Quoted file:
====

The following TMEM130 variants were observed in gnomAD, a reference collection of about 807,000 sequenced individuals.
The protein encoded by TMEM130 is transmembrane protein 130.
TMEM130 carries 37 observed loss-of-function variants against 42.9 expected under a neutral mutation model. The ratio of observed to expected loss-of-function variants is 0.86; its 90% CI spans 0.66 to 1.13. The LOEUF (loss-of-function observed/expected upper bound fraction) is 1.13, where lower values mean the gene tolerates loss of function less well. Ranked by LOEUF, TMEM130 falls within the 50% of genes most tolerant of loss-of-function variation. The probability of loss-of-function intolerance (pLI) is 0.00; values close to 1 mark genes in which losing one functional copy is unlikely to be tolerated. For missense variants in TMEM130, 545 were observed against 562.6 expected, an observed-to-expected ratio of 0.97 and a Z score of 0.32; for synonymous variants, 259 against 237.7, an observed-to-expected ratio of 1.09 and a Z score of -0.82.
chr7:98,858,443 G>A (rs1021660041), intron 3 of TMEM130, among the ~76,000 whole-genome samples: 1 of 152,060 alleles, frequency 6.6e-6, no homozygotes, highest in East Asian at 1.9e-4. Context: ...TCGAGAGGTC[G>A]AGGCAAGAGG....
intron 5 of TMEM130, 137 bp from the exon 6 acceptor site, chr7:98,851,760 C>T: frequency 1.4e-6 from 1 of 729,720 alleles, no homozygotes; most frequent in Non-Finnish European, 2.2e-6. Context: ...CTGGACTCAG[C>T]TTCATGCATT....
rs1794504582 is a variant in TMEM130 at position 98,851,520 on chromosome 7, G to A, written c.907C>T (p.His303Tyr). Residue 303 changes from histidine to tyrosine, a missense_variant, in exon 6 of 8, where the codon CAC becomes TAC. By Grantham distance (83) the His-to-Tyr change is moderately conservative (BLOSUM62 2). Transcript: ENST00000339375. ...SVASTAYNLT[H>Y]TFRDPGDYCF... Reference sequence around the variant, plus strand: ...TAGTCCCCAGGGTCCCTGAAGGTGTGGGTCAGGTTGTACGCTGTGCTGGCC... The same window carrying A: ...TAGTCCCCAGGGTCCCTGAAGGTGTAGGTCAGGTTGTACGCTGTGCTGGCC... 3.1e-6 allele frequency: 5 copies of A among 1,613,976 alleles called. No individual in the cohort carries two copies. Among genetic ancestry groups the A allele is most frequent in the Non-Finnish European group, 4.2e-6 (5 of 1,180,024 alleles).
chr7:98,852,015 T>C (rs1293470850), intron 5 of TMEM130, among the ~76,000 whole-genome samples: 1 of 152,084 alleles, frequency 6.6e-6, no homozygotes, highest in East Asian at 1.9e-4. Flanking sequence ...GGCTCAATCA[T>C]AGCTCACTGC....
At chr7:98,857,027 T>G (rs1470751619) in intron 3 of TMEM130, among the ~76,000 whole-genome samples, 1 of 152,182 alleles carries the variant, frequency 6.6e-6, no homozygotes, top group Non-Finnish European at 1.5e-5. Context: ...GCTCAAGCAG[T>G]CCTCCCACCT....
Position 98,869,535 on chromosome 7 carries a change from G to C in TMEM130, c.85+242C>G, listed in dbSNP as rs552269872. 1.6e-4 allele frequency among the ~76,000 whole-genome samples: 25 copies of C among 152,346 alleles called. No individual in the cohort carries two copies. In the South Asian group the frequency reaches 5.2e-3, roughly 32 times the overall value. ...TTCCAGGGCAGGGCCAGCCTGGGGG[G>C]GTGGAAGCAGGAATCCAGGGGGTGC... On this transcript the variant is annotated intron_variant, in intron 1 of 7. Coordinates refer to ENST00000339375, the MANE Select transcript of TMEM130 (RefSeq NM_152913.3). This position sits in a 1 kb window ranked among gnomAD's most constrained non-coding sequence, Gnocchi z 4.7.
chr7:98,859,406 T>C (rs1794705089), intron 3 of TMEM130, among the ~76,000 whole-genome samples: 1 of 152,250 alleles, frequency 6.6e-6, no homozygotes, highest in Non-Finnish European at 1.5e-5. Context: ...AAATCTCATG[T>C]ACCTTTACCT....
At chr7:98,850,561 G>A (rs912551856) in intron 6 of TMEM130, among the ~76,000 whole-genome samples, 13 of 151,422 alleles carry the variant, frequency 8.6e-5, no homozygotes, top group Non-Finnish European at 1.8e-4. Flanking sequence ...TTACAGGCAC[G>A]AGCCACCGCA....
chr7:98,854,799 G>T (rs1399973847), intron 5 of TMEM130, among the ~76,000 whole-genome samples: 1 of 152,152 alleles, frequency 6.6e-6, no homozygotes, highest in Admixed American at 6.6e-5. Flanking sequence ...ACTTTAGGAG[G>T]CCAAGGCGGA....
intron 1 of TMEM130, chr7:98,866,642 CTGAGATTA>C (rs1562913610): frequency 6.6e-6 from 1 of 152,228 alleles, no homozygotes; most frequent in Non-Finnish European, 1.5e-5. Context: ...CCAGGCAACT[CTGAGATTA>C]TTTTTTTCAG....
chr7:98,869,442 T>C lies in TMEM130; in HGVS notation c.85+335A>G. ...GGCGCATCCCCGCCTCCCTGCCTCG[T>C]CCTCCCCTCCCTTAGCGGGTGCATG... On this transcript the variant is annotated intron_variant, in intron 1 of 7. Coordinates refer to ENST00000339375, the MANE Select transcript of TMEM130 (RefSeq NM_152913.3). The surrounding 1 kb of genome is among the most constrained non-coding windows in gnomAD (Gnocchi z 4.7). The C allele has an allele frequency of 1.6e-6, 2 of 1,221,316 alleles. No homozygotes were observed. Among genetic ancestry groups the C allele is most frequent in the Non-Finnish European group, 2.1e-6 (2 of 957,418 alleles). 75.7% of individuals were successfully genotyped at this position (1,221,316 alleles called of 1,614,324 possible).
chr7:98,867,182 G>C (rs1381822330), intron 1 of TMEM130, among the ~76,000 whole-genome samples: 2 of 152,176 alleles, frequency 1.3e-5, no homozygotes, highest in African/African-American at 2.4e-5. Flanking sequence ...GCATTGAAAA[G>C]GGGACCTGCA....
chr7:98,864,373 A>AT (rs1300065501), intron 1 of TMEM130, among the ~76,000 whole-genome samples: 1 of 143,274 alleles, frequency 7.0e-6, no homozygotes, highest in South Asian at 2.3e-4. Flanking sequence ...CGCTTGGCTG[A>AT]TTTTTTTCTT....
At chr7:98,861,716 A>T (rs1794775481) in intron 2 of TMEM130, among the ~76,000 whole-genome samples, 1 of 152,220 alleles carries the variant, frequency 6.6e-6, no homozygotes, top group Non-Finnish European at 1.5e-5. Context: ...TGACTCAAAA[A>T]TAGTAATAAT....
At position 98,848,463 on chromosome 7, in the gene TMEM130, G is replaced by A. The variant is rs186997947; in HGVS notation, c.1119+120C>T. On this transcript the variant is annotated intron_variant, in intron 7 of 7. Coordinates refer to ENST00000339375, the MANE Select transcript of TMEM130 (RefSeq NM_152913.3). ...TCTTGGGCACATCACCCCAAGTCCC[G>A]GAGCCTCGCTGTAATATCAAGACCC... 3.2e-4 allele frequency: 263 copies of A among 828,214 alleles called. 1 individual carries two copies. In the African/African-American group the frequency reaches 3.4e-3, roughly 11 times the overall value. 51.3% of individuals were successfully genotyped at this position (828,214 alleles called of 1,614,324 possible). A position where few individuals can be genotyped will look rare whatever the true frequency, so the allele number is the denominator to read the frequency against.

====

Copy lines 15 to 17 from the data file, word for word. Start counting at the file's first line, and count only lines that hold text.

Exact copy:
chr7:98,867,182 G>C (rs1381822330), intron 1 of TMEM130, among the ~76,000 whole-genome samples: 2 of 152,176 alleles, frequency 1.3e-5, no homozygotes, highest in African/African-American at 2.4e-5. Flanking sequence ...GCATTGAAAA[G>C]GGGACCTGCA....
chr7:98,864,373 A>AT (rs1300065501), intron 1 of TMEM130, among the ~76,000 whole-genome samples: 1 of 143,274 alleles, frequency 7.0e-6, no homozygotes, highest in South Asian at 2.3e-4. Flanking sequence ...CGCTTGGCTG[A>AT]TTTTTTTCTT....
At chr7:98,861,716 A>T (rs1794775481) in intron 2 of TMEM130, among the ~76,000 whole-genome samples, 1 of 152,220 alleles carries the variant, frequency 6.6e-6, no homozygotes, top group Non-Finnish European at 1.5e-5. Context: ...TGACTCAAAA[A>T]TAGTAATAAT....